Detained and deported: the UK’s abusive approach to new refugee arrivals by Jeff Crisp

Imagine that you are a 17 year-old Eritrean boy, sentenced to years in prison for trying to avoid the programme of compulsory and indefinite military service administered by the country’s authoritarian government.

Imagine that you manage to escape and find your family, who scrape together just enough money for you to be smuggled across the border to Sudan, the first stage in a journey that will eventually take you to Libya, where you hope to make the money needed to repay your parents.

Imagine that the civil war raging in Libya and the country’s abusive treatment of African immigrants forces you to cross the Mediterranean Sea and the English Channel in flimsy boats, all in a desperate attempt to reach the UK, where members of the substantial Eritrean community have promised to look after you.

And imagine that on arriving in the UK, now 18 years old, you are arrested, detained and bundled onto a plane that takes you and dozens of other refugees on a flight to Rwanda, where you might be given an opportunity to remain. You will never be allowed to enter the UK legally, and you will be imprisoned once again for desertion if you go back to Eritrea.

While this is an imaginary story, but it is one that could well become a reality as a result of a new refugee policy introduced by the British government. Under that policy, anyone who enters the country in an irregular manner will be denied the ability to submit an asylum claim. After being sent to a detention centre or electronically tagged, such people will be deported to Rwanda, where the authorities will determine whether they should be given refugee status or returned to their country of origin.

The British government’s first attempt to implement this new policy was blocked in mid-June 2022 after a last-minute intervention from the European Court of Human Rights. But the UK authorities have made it very clear that they are determined to proceed with the deportation agreement they have reached with Rwanda.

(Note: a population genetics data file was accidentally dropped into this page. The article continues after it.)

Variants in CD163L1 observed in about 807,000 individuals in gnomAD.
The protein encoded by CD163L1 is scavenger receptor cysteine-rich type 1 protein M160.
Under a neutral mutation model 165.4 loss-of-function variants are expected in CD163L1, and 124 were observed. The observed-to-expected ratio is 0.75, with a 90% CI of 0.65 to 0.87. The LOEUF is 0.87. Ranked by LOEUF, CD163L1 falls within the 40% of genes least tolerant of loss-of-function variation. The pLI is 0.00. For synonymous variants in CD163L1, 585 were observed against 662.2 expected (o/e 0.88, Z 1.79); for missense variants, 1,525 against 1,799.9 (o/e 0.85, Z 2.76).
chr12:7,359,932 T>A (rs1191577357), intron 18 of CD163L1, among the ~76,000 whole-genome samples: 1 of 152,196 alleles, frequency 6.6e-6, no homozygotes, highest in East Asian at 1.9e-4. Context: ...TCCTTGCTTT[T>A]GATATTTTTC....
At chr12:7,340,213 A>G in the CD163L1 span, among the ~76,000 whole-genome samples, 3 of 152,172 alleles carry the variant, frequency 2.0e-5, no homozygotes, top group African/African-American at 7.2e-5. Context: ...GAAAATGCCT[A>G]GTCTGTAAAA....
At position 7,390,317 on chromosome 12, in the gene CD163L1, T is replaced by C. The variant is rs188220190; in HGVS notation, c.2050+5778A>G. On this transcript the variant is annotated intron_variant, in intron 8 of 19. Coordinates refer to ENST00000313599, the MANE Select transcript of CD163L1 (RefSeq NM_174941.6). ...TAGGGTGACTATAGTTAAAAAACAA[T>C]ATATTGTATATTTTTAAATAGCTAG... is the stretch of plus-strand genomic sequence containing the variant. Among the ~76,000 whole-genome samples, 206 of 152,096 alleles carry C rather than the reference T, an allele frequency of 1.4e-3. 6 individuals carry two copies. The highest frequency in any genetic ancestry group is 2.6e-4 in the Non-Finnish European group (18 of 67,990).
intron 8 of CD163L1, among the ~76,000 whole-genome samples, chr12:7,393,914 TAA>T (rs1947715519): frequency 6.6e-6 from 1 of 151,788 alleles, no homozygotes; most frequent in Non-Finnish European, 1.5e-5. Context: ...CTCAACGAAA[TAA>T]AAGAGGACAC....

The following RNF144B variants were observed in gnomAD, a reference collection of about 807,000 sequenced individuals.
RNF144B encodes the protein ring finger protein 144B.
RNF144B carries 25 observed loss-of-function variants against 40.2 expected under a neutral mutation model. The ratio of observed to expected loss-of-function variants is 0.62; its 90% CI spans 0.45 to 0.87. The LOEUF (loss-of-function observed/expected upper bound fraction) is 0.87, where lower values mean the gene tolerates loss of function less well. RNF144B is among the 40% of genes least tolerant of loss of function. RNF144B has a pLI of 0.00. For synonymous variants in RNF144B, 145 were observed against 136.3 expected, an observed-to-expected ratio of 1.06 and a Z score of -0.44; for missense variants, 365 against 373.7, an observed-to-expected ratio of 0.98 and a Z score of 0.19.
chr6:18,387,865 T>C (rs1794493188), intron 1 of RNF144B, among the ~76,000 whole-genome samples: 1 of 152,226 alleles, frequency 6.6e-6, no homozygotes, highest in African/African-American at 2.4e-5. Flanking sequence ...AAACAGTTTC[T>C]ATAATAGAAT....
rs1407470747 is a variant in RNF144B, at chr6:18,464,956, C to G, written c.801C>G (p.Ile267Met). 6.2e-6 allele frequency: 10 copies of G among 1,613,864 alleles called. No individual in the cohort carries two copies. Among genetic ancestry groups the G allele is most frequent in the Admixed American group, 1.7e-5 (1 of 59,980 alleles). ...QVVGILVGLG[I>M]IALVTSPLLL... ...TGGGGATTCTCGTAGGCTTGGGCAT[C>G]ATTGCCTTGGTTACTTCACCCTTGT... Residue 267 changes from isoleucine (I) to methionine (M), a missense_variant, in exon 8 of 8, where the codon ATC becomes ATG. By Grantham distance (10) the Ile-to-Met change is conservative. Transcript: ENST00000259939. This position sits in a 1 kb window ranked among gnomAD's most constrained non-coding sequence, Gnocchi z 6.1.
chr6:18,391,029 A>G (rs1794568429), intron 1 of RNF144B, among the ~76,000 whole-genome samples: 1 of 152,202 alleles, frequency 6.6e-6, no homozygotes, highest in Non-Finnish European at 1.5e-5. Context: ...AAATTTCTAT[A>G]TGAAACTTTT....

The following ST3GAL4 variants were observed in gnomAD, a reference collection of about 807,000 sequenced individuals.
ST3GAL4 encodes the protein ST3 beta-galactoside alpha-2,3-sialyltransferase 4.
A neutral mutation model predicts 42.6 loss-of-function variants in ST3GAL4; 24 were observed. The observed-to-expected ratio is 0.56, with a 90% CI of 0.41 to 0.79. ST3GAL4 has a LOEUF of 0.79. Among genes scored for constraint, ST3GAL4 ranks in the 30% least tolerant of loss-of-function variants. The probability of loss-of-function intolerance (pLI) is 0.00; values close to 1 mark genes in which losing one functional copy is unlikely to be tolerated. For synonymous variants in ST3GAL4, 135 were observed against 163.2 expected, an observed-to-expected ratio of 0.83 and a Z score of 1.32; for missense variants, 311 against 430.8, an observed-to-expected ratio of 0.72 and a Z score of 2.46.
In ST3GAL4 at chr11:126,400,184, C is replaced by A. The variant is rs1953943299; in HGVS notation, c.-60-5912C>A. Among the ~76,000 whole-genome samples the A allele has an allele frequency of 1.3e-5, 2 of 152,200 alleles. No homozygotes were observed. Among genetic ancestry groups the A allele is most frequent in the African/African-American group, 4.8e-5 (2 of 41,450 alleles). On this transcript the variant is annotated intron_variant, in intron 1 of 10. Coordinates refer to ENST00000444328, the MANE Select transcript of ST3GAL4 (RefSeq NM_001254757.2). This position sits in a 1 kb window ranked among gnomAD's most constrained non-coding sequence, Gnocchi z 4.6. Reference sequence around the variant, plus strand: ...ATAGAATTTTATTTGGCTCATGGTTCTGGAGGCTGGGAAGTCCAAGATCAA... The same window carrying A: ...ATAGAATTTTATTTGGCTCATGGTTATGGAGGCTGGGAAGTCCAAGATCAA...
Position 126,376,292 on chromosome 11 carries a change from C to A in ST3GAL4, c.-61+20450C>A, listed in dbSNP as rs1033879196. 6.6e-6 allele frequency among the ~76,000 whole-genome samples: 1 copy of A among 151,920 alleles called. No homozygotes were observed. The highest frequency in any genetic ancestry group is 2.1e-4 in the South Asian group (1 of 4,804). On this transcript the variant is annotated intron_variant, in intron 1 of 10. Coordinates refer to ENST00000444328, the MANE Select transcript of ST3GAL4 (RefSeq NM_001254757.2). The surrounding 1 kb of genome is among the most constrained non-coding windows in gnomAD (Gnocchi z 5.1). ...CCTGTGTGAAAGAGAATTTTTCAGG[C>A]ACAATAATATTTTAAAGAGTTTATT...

There are a number of compelling reasons why they should not.

First, the UK-Rwanda deal is illegal under international law, as UNHCR, the UN’s refugee agency, has insisted. Asylum seekers should not be penalized on account of the way they have arrived in a country, the authorities of which have responsibility for examining their claim to refugee status. As UNHCR has pointed out, the UK’s new policy also contradicts the principle of responsibility-sharing, by preventing refugees from settling in one of the world’s most prosperous states and forcing them to take up residence in one of the poorest.

Second, most of the people who will be subjected to detention and deportation are genuine refugees and not, as the UK government claims, ‘illegal immigrants’. Some 80 per cent of the asylum claims considered by the British authorities are approved, with those from countries such as Eritrea, Afghanistan and Syria reaching even higher figures.

Third, the UK has said that the only exemptions to the new policy will be unaccompanied children and Rwandan nationals. An Afghan man who has worked for the British armed forces and who is being hunted by the Taliban will in principle be subject to detention and deportation ,as will a single Ukrainian woman whose husband and children have been killed and home destroyed in the Russian invasion. And all because they have arrived in the UK by ‘irregular’ means.

Fourth, there are serious doubts about Rwanda’s ability to provide deported refugees with a safe and secure future. The country has little experience of assessing asylum claims, and its security services have in the past shot and killed refugees who were protesting to demand better conditions. As the British government itself acknowledges, Rwanda’s human rights record is far from perfect, while people from the LGBT community are at particular risk of discriminatory and abusive treatment.

Finally, as demonstrated by Australia’s efforts to send refugees to offshore processing centres, the UK’s new policy will be extremely expensive to implement and will set a worrying example for other states to emulate. Indeed, Denmark is known to have been involved in discussions with Rwanda and other African states for the establishment of similar refugee deportation deals.

Over the past 70 years, the international refugee protection system has proven its worth as a means of saving lives and allowing people who are threatened by persecution and human rights violations to find safe sanctuary and a productive future elsewhere. If the new UK strategy is implemented, other states are certain to conclude that they are also at liberty to evade the responsibilities that the system entrusts to them.

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